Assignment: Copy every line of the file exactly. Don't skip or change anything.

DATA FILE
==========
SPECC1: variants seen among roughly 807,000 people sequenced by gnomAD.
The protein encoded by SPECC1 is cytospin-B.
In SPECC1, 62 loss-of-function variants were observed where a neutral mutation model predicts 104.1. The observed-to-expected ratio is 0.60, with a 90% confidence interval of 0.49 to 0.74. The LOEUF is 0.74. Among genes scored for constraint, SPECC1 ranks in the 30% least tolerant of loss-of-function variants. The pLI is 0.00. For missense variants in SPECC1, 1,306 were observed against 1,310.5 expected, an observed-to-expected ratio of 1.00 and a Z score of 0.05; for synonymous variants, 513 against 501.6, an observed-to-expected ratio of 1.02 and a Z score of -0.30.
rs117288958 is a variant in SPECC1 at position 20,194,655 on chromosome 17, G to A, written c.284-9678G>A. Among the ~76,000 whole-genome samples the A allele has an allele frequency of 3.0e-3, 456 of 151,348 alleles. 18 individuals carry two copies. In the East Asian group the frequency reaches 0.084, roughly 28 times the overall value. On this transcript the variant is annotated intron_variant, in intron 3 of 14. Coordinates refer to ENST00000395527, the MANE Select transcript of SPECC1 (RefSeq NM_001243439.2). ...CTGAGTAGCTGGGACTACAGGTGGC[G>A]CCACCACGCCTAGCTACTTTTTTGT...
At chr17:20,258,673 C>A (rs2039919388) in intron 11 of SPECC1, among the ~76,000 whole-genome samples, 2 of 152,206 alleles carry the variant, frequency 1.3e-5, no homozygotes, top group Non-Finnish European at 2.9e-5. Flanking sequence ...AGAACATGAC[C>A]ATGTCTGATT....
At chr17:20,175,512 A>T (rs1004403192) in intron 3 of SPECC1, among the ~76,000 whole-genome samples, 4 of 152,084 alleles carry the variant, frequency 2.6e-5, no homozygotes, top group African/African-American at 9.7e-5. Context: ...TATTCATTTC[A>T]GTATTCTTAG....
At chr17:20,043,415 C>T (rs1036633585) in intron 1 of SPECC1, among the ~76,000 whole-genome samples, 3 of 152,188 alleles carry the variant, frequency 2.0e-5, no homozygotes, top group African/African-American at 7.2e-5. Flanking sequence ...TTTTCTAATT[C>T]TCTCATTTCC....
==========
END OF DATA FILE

SPECC1: variants seen among roughly 807,000 people sequenced by gnomAD.
The protein encoded by SPECC1 is cytospin-B.
In SPECC1, 62 loss-of-function variants were observed where a neutral mutation model predicts 104.1. The observed-to-expected ratio is 0.60, with a 90% confidence interval of 0.49 to 0.74. The LOEUF is 0.74. Among genes scored for constraint, SPECC1 ranks in the 30% least tolerant of loss-of-function variants. The pLI is 0.00. For missense variants in SPECC1, 1,306 were observed against 1,310.5 expected, an observed-to-expected ratio of 1.00 and a Z score of 0.05; for synonymous variants, 513 against 501.6, an observed-to-expected ratio of 1.02 and a Z score of -0.30.
rs117288958 is a variant in SPECC1 at position 20,194,655 on chromosome 17, G to A, written c.284-9678G>A. Among the ~76,000 whole-genome samples the A allele has an allele frequency of 3.0e-3, 456 of 151,348 alleles. 18 individuals carry two copies. In the East Asian group the frequency reaches 0.084, roughly 28 times the overall value. On this transcript the variant is annotated intron_variant, in intron 3 of 14. Coordinates refer to ENST00000395527, the MANE Select transcript of SPECC1 (RefSeq NM_001243439.2). ...CTGAGTAGCTGGGACTACAGGTGGC[G>A]CCACCACGCCTAGCTACTTTTTTGT...
At chr17:20,258,673 C>A (rs2039919388) in intron 11 of SPECC1, among the ~76,000 whole-genome samples, 2 of 152,206 alleles carry the variant, frequency 1.3e-5, no homozygotes, top group Non-Finnish European at 2.9e-5. Flanking sequence ...AGAACATGAC[C>A]ATGTCTGATT....
At chr17:20,175,512 A>T (rs1004403192) in intron 3 of SPECC1, among the ~76,000 whole-genome samples, 4 of 152,084 alleles carry the variant, frequency 2.6e-5, no homozygotes, top group African/African-American at 9.7e-5. Context: ...TATTCATTTC[A>T]GTATTCTTAG....
At chr17:20,043,415 C>T (rs1036633585) in intron 1 of SPECC1, among the ~76,000 whole-genome samples, 3 of 152,188 alleles carry the variant, frequency 2.0e-5, no homozygotes, top group African/African-American at 7.2e-5. Flanking sequence ...TTTTCTAATT[C>T]TCTCATTTCC....